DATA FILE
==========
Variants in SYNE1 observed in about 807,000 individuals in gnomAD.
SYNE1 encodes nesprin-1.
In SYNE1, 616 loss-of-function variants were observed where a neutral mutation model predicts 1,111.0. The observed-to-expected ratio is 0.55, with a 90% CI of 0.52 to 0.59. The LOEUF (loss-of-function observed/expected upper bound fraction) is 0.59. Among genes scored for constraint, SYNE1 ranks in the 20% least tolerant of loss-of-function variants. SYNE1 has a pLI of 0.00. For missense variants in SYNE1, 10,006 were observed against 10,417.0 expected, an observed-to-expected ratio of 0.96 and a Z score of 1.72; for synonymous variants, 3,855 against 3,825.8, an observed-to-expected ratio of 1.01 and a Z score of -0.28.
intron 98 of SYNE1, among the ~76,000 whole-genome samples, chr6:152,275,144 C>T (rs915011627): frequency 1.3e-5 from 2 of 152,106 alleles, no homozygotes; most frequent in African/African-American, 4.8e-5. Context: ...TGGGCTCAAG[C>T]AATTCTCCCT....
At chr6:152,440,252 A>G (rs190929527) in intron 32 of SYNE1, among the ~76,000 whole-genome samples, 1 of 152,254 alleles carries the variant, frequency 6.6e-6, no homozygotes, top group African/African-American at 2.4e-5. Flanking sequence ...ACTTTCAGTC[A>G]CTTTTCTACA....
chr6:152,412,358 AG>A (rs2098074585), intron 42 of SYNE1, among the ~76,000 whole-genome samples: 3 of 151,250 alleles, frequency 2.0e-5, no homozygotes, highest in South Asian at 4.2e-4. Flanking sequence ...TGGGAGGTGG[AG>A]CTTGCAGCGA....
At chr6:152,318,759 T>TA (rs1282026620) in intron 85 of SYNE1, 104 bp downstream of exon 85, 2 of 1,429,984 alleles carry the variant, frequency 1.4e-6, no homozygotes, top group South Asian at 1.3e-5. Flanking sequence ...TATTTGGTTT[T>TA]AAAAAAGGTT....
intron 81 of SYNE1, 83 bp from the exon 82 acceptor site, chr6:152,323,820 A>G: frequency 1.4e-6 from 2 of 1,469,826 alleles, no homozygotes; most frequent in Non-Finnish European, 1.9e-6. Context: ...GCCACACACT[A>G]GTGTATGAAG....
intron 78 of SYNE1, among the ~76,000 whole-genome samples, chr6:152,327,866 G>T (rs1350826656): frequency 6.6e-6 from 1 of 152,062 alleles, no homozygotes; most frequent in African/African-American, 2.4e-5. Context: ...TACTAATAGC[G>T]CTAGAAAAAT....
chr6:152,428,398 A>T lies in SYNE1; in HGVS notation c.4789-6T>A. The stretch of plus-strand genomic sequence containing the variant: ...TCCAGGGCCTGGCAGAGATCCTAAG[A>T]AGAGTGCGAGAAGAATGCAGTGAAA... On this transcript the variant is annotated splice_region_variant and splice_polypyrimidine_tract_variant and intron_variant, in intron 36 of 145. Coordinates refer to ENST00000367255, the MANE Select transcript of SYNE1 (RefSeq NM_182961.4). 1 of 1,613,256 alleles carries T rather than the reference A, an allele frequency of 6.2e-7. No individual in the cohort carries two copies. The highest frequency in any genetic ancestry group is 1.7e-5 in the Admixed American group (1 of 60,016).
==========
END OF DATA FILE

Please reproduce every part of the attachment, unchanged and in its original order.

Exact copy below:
Variants in SYNE1 observed in about 807,000 individuals in gnomAD.
SYNE1 encodes nesprin-1.
In SYNE1, 616 loss-of-function variants were observed where a neutral mutation model predicts 1,111.0. The observed-to-expected ratio is 0.55, with a 90% CI of 0.52 to 0.59. The LOEUF (loss-of-function observed/expected upper bound fraction) is 0.59. Among genes scored for constraint, SYNE1 ranks in the 20% least tolerant of loss-of-function variants. SYNE1 has a pLI of 0.00. For missense variants in SYNE1, 10,006 were observed against 10,417.0 expected, an observed-to-expected ratio of 0.96 and a Z score of 1.72; for synonymous variants, 3,855 against 3,825.8, an observed-to-expected ratio of 1.01 and a Z score of -0.28.
intron 98 of SYNE1, among the ~76,000 whole-genome samples, chr6:152,275,144 C>T (rs915011627): frequency 1.3e-5 from 2 of 152,106 alleles, no homozygotes; most frequent in African/African-American, 4.8e-5. Context: ...TGGGCTCAAG[C>T]AATTCTCCCT....
At chr6:152,440,252 A>G (rs190929527) in intron 32 of SYNE1, among the ~76,000 whole-genome samples, 1 of 152,254 alleles carries the variant, frequency 6.6e-6, no homozygotes, top group African/African-American at 2.4e-5. Flanking sequence ...ACTTTCAGTC[A>G]CTTTTCTACA....
chr6:152,412,358 AG>A (rs2098074585), intron 42 of SYNE1, among the ~76,000 whole-genome samples: 3 of 151,250 alleles, frequency 2.0e-5, no homozygotes, highest in South Asian at 4.2e-4. Flanking sequence ...TGGGAGGTGG[AG>A]CTTGCAGCGA....
At chr6:152,318,759 T>TA (rs1282026620) in intron 85 of SYNE1, 104 bp downstream of exon 85, 2 of 1,429,984 alleles carry the variant, frequency 1.4e-6, no homozygotes, top group South Asian at 1.3e-5. Flanking sequence ...TATTTGGTTT[T>TA]AAAAAAGGTT....
intron 81 of SYNE1, 83 bp from the exon 82 acceptor site, chr6:152,323,820 A>G: frequency 1.4e-6 from 2 of 1,469,826 alleles, no homozygotes; most frequent in Non-Finnish European, 1.9e-6. Context: ...GCCACACACT[A>G]GTGTATGAAG....
intron 78 of SYNE1, among the ~76,000 whole-genome samples, chr6:152,327,866 G>T (rs1350826656): frequency 6.6e-6 from 1 of 152,062 alleles, no homozygotes; most frequent in African/African-American, 2.4e-5. Context: ...TACTAATAGC[G>T]CTAGAAAAAT....
chr6:152,428,398 A>T lies in SYNE1; in HGVS notation c.4789-6T>A. The stretch of plus-strand genomic sequence containing the variant: ...TCCAGGGCCTGGCAGAGATCCTAAG[A>T]AGAGTGCGAGAAGAATGCAGTGAAA... On this transcript the variant is annotated splice_region_variant and splice_polypyrimidine_tract_variant and intron_variant, in intron 36 of 145. Coordinates refer to ENST00000367255, the MANE Select transcript of SYNE1 (RefSeq NM_182961.4). 1 of 1,613,256 alleles carries T rather than the reference A, an allele frequency of 6.2e-7. No individual in the cohort carries two copies. The highest frequency in any genetic ancestry group is 1.7e-5 in the Admixed American group (1 of 60,016).